How to Find Your Writing Audience

All writers face the inescapable quandary of readership.

Do you write what you want in the hope that other people will find it? Do you write for a segment within a specific genre? Do you write to the tastes of your editor or publisher?

As a professional writer there’s an extra dilemma too: for whom do you write who’ll pay the bills?

I’d like to say there’s an easy answer to the above. A formula if you like. Yet, the reality is unless you’re writing for the art of the endeavor, you’ll likely have to face some sort of restriction on your craft.

Likely. 

I learned a while back in my reading, that genre writing is a major hurdle for many “artistic” writers to overcome. Some markets strictly dictate the manner in which stories evolve; even more so the word counts to work with. It’s easy for a writer to feel discouraged within these bounds. 

Rarely, however, a writer arrives who defines his or her own format and forges a licence that others shoulder: the Wouks, le Carrés, Clancys, Rowlings, and Kings.

Before Tom Clancy, the genre of techno thriller didn’t exist. Suddenly doors opened to a rash of artists unbelievably skilled in blending politics, military, and technology with the realm of fiction whose books churn out to this day.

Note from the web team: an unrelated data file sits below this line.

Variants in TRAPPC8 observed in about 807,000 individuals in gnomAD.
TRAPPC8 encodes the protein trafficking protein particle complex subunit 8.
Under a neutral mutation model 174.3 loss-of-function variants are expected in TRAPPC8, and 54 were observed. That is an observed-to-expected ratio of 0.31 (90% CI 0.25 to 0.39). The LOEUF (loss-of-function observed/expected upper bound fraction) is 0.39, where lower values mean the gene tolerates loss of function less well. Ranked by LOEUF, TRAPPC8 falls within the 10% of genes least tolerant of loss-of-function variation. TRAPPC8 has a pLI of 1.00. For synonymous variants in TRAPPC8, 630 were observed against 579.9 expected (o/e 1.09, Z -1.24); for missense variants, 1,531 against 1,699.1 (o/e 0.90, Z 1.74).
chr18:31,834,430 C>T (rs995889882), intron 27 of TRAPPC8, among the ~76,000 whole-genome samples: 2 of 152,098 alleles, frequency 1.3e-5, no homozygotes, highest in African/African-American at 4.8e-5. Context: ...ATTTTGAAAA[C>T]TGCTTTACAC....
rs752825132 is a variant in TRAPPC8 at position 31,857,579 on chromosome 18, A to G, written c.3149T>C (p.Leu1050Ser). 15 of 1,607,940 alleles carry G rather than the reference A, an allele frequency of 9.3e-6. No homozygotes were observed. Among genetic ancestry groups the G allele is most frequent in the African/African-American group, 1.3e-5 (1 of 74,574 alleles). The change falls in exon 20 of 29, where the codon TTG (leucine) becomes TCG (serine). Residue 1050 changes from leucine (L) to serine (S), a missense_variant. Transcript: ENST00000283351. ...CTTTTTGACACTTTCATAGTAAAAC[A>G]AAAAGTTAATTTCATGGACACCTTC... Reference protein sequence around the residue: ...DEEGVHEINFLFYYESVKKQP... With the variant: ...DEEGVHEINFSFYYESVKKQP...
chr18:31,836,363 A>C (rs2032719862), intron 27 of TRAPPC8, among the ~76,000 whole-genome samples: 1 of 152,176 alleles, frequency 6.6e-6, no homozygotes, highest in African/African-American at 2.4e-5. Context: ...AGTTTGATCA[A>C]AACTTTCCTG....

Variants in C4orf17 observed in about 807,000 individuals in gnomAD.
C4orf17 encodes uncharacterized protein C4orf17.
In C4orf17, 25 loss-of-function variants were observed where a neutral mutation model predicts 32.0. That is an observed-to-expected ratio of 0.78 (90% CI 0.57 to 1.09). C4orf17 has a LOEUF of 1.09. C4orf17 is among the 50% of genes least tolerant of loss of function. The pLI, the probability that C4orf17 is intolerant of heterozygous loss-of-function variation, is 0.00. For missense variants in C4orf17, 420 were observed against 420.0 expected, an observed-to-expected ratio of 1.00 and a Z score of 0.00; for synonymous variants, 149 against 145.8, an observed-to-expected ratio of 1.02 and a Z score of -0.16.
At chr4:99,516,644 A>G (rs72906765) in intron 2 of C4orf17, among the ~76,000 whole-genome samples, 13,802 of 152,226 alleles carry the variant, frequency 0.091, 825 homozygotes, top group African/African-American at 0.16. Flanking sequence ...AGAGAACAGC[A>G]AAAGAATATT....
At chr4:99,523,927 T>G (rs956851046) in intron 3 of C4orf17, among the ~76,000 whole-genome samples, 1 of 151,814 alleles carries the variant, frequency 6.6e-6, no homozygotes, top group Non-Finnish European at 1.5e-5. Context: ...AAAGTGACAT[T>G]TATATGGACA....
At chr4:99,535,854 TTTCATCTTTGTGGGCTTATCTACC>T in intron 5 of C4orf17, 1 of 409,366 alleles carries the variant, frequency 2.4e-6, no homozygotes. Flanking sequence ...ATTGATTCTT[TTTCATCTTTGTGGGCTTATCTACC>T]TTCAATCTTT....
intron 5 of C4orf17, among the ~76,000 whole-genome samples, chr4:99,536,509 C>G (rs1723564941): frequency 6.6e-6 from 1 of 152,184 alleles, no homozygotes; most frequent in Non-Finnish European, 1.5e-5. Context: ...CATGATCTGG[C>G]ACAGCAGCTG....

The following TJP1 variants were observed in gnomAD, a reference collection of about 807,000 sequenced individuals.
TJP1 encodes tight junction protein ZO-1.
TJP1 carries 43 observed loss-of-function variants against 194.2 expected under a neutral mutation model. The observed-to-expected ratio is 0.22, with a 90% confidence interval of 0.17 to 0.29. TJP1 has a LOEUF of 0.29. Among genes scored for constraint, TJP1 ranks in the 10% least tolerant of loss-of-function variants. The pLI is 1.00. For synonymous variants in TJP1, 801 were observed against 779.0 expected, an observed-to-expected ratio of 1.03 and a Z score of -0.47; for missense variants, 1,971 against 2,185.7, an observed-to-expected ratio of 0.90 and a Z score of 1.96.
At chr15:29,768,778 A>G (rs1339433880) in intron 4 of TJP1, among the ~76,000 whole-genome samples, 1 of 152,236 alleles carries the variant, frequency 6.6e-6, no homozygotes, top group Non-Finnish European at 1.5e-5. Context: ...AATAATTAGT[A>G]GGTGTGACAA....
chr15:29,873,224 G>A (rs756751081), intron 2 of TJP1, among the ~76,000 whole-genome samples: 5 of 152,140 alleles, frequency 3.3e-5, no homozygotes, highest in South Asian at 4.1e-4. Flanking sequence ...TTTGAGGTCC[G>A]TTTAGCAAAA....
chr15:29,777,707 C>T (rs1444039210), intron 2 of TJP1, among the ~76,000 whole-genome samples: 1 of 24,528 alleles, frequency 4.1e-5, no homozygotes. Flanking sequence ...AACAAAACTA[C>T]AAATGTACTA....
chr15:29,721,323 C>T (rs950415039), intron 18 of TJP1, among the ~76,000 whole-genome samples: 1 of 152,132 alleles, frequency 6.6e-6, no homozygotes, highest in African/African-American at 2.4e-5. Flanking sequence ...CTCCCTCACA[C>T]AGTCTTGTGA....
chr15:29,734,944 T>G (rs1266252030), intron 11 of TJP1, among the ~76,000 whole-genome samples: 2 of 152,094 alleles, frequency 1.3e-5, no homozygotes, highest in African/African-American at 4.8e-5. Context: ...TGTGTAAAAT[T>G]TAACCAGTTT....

Clancy taught me about geosynchronous satellite super-platforms decades before cars hit the roads with global positioning systems.

For most though, the quest morphs into one of earning enough to find the freedom to write in the manner desired. Very much a different version of “write or die”.

Still, I wouldn’t be too quick to wave off the craft’s restrictions in this way. For like a labyrinth, there’s immense satisfaction in finding a readership by tweaking the status quo—within editorial limits.

That’s where reading and being intimately familiar with the publications and industries you wish to write for become imperative. It’s how you work out what the existing audiences are, and where your potential resides.

You then carve out a niche with the deftness of a teaspoon and the tenacity of an earth mover.